Jewish World Review May 30, 2002 / 19 Sivan, 5762
It is hard to always remember really how different they are, and that catches and sometimes trips up even people whose business it is to be sensitive to fresh rhythms. The other day, reacting to not much of a story about not much of a warning that President Bush was given before Sept. 11, Democratic congressional leaders went a-shrilling all over the place demanding to know What the President Knew and When Did He Know It, and Republican congressional leaders shrieked in response their horror that anyone would Question the Commander in Chief in a Time of War.
The Democrats' reactionaryism was a great deal more offensive than the Republicans' -- the latter merely stupid; the former obscene -- but the essential nature of both was the same. In each case, you saw people trying to translate the shock of the new into the comfort of the known. The effect was not merely cliched but as if out of another time. It was as if Gephardt and Daschle and Lott and Armey were speaking a dead language.
There is a lot of that going around. The early days after Sept. 11 produced an entire instant mini-literature in dead language as our public intellectuals sought to explain the new unthinkable in the terms in which they had been thinking for decades. The intellectuals intended, in the usual way of these things, to provoke outrage. And to some modest degree they did, which led to the usual rounds of "debate" in the pages of the usual organs; and Susan Sontag and Noam Chomsky and Edward Said and Harold Pinter got their names in the papers again, which was the whole point of the exercise.
But did you notice how irrelevant and inconsequential it all felt? One's lasting reaction was not outrage at all but a mild embarrassment mixed with a strong sense of temporal dislocation, of the sort occasioned by catching a glimpse of Jerry Lewis on television. It is a sense of: You're still here? You're still talking? Why? The most obvious fact about the people who bravely -- oh, so bravely, so bravely -- dared to tell truth to power in the New York Review of Books and the London Review of Books, and the Cosmic Review of Blah-Blah, was how old they were.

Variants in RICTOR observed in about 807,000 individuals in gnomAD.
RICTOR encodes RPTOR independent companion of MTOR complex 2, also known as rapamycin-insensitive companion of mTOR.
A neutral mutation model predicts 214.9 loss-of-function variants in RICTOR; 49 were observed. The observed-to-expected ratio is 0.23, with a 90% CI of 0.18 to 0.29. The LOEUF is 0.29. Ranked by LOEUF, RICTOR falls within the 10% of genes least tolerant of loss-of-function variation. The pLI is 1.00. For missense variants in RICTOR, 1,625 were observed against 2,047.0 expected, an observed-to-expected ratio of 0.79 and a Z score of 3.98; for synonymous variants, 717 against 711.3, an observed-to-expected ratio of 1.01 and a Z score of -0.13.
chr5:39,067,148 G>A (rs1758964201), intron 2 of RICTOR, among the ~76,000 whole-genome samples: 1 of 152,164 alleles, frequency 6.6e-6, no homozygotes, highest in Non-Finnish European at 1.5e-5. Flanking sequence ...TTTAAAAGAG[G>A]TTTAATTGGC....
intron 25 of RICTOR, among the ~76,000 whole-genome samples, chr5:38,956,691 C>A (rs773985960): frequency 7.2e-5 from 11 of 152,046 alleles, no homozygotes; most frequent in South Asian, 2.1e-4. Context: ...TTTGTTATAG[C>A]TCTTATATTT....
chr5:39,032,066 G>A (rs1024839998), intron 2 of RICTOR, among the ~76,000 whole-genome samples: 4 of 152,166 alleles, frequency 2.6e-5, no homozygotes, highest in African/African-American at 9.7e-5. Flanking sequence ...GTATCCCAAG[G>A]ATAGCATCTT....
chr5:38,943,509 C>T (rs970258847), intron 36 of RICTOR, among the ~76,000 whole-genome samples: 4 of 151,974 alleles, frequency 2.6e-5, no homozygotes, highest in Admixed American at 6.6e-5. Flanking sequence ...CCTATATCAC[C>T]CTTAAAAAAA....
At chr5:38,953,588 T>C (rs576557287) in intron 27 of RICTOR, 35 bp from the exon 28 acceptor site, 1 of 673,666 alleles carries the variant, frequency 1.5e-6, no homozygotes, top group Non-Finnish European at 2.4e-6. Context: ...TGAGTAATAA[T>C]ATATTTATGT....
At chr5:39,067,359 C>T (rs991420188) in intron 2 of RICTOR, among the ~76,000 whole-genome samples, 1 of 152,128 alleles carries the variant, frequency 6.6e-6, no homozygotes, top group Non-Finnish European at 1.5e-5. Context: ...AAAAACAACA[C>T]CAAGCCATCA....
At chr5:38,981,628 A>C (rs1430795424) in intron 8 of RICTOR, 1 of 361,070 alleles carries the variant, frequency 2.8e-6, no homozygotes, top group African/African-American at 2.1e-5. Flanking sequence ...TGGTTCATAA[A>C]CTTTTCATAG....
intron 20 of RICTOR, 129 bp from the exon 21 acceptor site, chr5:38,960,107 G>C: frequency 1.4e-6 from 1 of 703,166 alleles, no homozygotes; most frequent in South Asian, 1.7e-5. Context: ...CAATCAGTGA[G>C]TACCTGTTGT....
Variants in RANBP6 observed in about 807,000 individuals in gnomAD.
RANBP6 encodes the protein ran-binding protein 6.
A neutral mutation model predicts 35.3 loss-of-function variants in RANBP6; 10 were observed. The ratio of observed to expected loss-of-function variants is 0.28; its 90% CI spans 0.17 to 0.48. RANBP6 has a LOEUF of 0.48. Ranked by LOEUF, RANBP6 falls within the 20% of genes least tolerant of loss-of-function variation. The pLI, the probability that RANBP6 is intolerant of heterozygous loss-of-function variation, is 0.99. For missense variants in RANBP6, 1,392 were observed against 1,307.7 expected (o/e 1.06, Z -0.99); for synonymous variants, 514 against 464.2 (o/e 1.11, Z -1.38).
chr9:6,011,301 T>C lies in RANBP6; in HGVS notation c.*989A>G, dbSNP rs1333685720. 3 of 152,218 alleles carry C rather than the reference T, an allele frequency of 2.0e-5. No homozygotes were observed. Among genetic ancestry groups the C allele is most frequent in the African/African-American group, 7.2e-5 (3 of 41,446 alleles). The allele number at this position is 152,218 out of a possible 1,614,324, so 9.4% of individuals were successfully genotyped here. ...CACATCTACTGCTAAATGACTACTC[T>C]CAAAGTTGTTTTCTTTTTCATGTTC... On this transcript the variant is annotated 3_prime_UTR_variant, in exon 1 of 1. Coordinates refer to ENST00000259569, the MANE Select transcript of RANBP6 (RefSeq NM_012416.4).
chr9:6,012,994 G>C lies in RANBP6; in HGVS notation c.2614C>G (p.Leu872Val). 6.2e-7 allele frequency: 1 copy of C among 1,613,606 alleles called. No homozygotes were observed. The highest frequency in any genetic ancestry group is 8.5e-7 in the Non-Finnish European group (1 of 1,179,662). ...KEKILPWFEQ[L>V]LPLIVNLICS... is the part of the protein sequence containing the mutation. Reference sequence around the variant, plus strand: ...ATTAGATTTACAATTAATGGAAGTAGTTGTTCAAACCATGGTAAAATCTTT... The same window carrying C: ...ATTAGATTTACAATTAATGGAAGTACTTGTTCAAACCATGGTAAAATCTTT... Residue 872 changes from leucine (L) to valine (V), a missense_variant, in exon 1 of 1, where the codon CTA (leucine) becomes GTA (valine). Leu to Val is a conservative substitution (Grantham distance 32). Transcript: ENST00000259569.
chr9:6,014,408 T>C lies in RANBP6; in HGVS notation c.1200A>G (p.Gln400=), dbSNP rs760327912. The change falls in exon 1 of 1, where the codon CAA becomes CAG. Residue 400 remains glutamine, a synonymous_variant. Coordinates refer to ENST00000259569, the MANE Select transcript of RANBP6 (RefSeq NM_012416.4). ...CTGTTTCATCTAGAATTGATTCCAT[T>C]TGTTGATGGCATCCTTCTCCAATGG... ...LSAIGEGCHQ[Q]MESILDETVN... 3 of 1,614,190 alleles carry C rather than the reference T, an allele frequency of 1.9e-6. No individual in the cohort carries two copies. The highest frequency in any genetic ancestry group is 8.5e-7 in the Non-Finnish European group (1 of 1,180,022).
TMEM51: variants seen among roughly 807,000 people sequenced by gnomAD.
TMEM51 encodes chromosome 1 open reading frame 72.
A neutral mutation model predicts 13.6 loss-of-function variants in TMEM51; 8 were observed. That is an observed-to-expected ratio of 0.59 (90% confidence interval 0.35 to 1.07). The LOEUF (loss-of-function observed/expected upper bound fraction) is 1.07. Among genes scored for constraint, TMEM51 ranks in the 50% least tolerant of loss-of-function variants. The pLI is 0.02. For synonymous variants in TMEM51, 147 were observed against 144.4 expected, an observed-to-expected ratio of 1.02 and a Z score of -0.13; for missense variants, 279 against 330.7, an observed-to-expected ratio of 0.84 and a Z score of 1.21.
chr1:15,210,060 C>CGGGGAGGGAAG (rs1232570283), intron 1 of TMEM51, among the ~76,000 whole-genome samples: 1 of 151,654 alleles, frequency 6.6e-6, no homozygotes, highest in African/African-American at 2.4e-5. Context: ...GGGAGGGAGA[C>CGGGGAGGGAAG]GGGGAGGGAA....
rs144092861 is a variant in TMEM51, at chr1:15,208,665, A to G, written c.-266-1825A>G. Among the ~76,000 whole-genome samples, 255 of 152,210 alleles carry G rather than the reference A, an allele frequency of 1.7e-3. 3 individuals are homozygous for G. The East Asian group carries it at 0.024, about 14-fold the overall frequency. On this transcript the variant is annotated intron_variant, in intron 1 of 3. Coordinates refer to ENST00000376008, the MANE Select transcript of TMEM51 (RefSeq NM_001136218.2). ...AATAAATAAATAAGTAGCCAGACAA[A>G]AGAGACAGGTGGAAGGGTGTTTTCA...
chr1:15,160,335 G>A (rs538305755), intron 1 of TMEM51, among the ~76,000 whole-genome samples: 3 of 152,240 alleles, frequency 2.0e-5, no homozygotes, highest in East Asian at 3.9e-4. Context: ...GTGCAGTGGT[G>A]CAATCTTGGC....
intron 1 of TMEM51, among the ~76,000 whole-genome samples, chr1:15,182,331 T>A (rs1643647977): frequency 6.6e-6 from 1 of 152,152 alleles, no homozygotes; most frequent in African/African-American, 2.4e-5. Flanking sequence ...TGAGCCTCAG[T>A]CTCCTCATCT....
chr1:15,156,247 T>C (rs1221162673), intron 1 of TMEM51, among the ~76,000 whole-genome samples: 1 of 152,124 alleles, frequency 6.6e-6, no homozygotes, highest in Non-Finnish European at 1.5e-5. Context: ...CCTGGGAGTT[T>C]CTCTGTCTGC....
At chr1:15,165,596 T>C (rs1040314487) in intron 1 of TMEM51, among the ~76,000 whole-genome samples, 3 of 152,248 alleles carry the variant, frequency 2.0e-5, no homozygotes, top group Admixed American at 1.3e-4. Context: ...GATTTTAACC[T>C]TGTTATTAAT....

Old, old, old. Also tired, tired, tired. These people -- precisely these people -- have been saying these things -- precisely these things -- since, in many cases, the early Dylan years (Bob, mostly, although in some cases Thomas). Even the young upstarts among them have been blathering on since the '70s. And what is it, exactly, that they have to say that we haven't grasped by now?
Reading, say, The New York Review of Books, you are increasingly struck with the realization that it is simply reactionary; this is our Old Guard now. For an inquisitive and engaged person in his or her twenties, the effect must be akin to what a bright young thing of the World War II generation felt when contemplating the political musings of, say, a Gilded Age bohemian. How interesting, gramps, how interesting; did you really know John Reed, and can I get you another slice of cake?
What is ahead will involve more of the rediscovery that is already obvious around us. When Memorial Day means remembering the dead who are still yet fresh in the ground, and with the sure knowledge of further dead, people come to terms with things again. You can take seriously, or pretend to take seriously, the likes of Chomsky -- or the likes of Gephardt -- when you can afford to. But that sort of thing is a frivolity, of a grim sort, for a frivolous time.
We are now entered into a serious time, a time of protracted conflict. To some degree, we will be engaged in this alone; certainly in the sense that a leader is alone. And we must lead. No one else has the capacity to direct what will become a fluid and shifting alliance between the nations that wish to promote democracy, trade and order arrayed against the nations and extranational forces that wish to promote fascism, gangsterism and smash-and-grab anarchy. We have a president who seems to understand this, which is helpful. We have a people who seem to understand it too, which is essential.
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